Held by Charleton J in dismissing the proceedings. The Board was a creature of statute, its obligation in considering an appeal was to check the validity of that appeal only against the conditions set out in the Planning and Development Act, 2000 and not by exploring as to what may have validly, or invalidly, transpired between a developer and a planning authority or an objector and the planning authority. The power argued on behalf of the applicant that the Board should exercise, to enquire into the validity of statutory notices, was of a quasi-judicial kind and was singularly absent from the statutory scheme for planning appeals. In the context of the refusal of previous applications by the planning authority, and the clear reasons given by the Board for refusal, the initial grant of permission by Galway County Council for the development was very difficult to understand.

Reporter: R.F.

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JUDGMENT of Mr. Justice Charleton delivered the 8th day of December 2010

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1. In this planning judicial review the issues of leave to commence proceedings and the substantive merit of the application are merged by consent of the parties. This judgment addresses the jurisdiction of An Bord Pleanála ("the Board") to enquire on an appeal of the grant of planning permission into the validity of steps taken in a planning application before a local authority.

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2. An application was made in 2008 to Galway County Council, the first notice party, for a 31 house development outside Kinvara town. Sean Forde and Jane Joyce, the second and third notice parties, objected to the development and their submission was formally acknowledged by Galway County Council. The submission, however, was late. Planning permission was granted. They appealed to the Board and lodged, as part of the appeal papers, the acknowledgment of Galway County Council, as required under the relevant statutory regulations. The Board took the acknowledgement at face value. There was no enquiry into whether the submission of Sean Forde and Jane Joyce was late. The Board allowed the appeal. It is claimed that this refusal of planning permission is invalid because the appeal was not valid due to the submission to Galway County Council being out of time. It is argued that the Board should have decided if the submission to Galway County Council was in time or not. The Board argues that it is not entitled to make such an enquiry. If the Board is entitled to make such an enquiry then, it is argued on behalf of the applicant, the proposed developer, an invalid appeal has been taken and the decision of the Board to refuse planning permission is accordingly invalid. If the appeal is found to be invalid, it is argued that the Court must declare the appeal unlawful and, in effect, reinstate the decision of Galway County Council granting the permission. This would establish a substantial housing estate outside Kinvara town on a blind corner on a main road to Ballyvaughan and the Burren area, within a 100 km per hour speed zone, and extend the effective boundaries of the town in a manner that the Board has declared in a reasoned decision is contrary to the proper planning and sustainable development of this area.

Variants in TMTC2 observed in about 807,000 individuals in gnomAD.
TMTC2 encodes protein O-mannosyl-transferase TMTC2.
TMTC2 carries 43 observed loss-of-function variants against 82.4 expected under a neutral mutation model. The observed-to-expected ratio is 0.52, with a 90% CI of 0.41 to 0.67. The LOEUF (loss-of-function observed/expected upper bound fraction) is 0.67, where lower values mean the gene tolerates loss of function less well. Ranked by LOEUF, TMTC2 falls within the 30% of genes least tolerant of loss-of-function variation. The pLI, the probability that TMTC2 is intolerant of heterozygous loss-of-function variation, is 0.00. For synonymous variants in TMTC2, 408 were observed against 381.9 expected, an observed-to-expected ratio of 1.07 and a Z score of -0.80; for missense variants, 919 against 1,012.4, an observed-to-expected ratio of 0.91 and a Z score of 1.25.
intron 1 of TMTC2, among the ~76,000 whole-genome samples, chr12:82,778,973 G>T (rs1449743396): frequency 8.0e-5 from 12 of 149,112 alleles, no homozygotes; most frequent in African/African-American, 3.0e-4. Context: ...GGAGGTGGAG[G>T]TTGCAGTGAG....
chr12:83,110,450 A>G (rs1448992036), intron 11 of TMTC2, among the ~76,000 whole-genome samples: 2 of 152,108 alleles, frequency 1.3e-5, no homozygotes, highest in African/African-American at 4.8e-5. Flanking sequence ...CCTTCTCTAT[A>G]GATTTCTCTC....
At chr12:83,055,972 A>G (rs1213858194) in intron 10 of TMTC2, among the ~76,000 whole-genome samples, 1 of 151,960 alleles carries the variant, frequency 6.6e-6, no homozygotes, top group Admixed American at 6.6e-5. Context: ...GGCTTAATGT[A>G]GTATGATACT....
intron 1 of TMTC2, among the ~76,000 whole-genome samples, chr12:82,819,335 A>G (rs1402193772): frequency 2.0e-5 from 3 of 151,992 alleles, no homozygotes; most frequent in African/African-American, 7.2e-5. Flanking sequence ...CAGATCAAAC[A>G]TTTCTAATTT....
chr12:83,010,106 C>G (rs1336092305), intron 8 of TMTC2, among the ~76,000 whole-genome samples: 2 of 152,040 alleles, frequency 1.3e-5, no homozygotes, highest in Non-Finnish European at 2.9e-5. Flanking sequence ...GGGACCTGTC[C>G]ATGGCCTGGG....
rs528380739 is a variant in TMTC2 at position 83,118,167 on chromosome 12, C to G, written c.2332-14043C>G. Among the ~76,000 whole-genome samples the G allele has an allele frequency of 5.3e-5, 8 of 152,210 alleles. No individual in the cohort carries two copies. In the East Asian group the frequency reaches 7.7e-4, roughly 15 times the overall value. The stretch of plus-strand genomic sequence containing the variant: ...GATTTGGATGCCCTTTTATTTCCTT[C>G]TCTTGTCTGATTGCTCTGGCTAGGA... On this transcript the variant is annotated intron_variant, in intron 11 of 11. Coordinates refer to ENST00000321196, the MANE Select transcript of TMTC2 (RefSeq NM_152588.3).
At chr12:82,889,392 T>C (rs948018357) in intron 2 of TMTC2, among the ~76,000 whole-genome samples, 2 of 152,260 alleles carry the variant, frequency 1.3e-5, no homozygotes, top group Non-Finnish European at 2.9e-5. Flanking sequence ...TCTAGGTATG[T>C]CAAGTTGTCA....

Jurisdiction
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3. It is argued by the Board that this judicial review is out of time. The matter hinges on the correct interpretation of s. 50(2) of the Planning and Development Act 2000 ("the Act of 2000" or "the Act") as substituted by s.13 of the Planning and Development (Strategic Infrastructure) Act 2006. This provides:-